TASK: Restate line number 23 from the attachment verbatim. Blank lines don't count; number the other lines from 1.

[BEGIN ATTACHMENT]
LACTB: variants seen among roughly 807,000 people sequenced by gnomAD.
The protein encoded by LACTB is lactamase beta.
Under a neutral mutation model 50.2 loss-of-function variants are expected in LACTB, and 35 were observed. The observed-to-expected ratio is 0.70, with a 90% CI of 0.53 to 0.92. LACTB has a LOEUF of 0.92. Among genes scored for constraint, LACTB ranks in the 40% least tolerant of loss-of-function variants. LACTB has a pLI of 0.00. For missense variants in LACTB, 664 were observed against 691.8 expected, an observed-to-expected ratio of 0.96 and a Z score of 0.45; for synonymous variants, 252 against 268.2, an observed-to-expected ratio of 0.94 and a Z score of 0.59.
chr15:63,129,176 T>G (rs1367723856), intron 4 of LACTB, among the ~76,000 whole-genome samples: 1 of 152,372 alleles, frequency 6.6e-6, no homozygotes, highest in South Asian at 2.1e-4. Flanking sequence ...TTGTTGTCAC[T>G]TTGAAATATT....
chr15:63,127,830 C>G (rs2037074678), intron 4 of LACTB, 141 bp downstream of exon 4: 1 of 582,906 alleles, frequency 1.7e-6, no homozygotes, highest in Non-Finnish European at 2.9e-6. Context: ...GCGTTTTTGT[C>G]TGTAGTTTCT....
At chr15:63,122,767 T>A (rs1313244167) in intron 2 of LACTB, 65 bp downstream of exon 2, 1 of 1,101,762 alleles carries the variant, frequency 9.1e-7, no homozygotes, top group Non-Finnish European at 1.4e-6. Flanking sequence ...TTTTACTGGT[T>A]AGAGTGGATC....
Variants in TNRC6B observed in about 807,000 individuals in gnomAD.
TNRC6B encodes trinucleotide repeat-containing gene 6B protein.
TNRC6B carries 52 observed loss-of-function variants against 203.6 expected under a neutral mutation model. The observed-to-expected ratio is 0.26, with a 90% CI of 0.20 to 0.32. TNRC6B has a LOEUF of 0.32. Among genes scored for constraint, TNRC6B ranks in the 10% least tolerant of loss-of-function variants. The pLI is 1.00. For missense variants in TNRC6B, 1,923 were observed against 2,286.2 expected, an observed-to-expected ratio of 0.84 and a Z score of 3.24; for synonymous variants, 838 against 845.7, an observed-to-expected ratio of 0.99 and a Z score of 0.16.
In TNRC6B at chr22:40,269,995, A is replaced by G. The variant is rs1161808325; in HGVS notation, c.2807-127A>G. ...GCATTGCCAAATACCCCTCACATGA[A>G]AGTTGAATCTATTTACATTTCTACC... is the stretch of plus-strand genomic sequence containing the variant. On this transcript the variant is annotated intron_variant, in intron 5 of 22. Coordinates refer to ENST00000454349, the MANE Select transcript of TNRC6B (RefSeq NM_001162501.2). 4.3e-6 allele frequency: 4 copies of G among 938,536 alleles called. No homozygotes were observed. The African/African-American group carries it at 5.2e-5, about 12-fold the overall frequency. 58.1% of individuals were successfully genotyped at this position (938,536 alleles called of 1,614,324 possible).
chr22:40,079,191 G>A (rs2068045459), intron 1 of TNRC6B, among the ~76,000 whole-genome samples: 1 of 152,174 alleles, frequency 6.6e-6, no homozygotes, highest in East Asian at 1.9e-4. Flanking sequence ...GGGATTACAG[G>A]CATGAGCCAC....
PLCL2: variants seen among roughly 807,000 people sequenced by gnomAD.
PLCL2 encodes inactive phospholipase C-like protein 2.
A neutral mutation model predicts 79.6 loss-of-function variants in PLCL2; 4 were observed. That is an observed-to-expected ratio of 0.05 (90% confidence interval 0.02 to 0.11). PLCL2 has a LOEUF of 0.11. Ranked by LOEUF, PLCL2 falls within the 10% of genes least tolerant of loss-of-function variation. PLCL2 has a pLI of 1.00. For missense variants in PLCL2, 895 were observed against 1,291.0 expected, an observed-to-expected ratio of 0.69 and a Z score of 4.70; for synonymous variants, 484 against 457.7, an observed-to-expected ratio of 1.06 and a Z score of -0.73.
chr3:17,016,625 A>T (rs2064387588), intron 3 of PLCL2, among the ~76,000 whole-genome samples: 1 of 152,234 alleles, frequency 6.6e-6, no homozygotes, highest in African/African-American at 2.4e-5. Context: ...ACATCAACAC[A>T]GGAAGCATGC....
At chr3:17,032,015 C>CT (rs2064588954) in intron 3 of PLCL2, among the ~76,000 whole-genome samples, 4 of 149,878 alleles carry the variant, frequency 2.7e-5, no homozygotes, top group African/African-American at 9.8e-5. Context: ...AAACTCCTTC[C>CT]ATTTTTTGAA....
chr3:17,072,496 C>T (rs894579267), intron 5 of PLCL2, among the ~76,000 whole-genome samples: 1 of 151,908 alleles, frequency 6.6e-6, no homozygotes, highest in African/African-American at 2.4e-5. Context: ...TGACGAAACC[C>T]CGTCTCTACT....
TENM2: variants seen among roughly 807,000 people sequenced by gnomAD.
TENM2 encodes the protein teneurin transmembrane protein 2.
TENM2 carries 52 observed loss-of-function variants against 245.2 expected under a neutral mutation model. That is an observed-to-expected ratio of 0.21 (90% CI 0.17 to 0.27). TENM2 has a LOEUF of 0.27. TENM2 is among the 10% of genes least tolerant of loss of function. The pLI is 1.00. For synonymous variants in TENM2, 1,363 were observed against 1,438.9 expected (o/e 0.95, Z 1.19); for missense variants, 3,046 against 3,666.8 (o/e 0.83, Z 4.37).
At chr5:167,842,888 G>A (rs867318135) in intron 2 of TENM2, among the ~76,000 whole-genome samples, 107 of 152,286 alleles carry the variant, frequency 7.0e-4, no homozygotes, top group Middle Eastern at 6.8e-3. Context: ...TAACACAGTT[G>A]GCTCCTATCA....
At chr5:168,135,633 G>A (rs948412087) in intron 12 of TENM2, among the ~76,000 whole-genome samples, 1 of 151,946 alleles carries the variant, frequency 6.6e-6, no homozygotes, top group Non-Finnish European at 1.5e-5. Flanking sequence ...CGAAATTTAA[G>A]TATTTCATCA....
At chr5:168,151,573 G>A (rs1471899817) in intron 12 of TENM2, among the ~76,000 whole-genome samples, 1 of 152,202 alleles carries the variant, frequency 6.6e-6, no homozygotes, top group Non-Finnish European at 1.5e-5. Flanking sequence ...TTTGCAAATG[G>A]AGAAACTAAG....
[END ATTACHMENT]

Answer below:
At chr5:168,151,573 G>A (rs1471899817) in intron 12 of TENM2, among the ~76,000 whole-genome samples, 1 of 152,202 alleles carries the variant, frequency 6.6e-6, no homozygotes, top group Non-Finnish European at 1.5e-5. Flanking sequence ...TTTGCAAATG[G>A]AGAAACTAAG....